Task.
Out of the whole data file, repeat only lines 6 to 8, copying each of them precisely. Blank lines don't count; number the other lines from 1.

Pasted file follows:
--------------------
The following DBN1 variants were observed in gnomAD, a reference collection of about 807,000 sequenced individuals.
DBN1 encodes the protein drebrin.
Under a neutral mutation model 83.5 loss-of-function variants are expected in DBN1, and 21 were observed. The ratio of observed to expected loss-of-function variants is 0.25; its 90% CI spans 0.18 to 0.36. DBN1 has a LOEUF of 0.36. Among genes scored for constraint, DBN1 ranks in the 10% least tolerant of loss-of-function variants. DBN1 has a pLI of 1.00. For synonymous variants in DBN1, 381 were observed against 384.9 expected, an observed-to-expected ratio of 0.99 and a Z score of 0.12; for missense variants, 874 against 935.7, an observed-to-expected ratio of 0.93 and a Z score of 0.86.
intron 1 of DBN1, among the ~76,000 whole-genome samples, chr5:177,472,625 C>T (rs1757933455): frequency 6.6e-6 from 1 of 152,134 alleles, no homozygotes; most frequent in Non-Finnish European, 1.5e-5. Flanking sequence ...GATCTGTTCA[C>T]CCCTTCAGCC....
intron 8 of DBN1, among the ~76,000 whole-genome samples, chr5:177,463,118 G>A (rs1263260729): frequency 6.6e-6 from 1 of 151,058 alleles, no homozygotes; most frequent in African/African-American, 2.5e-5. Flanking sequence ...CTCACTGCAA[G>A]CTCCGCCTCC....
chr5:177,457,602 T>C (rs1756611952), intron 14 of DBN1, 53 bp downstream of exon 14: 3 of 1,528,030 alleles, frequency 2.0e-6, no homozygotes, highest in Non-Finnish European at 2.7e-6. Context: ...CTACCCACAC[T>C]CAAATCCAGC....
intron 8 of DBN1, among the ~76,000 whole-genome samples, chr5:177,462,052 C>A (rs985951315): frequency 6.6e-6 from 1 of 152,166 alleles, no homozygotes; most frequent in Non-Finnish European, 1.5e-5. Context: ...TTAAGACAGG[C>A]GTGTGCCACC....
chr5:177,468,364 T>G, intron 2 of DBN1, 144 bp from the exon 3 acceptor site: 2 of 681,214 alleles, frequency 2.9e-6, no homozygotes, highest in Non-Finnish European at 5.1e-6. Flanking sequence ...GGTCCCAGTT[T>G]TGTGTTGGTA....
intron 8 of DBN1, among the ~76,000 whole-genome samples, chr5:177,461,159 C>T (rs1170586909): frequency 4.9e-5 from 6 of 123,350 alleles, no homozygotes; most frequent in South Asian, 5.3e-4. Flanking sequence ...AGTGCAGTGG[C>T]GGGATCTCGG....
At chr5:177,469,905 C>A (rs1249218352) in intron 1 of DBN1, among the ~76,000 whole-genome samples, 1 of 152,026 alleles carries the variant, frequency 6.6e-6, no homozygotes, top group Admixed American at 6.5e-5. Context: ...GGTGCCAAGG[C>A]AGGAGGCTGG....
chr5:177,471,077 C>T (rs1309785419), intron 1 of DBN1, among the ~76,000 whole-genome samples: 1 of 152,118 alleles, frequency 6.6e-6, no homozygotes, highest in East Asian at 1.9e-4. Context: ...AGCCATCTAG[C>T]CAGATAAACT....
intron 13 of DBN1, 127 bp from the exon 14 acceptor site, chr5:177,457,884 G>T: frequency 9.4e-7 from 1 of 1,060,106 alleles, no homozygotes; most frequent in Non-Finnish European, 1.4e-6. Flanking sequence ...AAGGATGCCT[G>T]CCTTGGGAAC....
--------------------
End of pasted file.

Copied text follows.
chr5:177,457,602 T>C (rs1756611952), intron 14 of DBN1, 53 bp downstream of exon 14: 3 of 1,528,030 alleles, frequency 2.0e-6, no homozygotes, highest in Non-Finnish European at 2.7e-6. Context: ...CTACCCACAC[T>C]CAAATCCAGC....
intron 8 of DBN1, among the ~76,000 whole-genome samples, chr5:177,462,052 C>A (rs985951315): frequency 6.6e-6 from 1 of 152,166 alleles, no homozygotes; most frequent in Non-Finnish European, 1.5e-5. Context: ...TTAAGACAGG[C>A]GTGTGCCACC....
chr5:177,468,364 T>G, intron 2 of DBN1, 144 bp from the exon 3 acceptor site: 2 of 681,214 alleles, frequency 2.9e-6, no homozygotes, highest in Non-Finnish European at 5.1e-6. Flanking sequence ...GGTCCCAGTT[T>G]TGTGTTGGTA....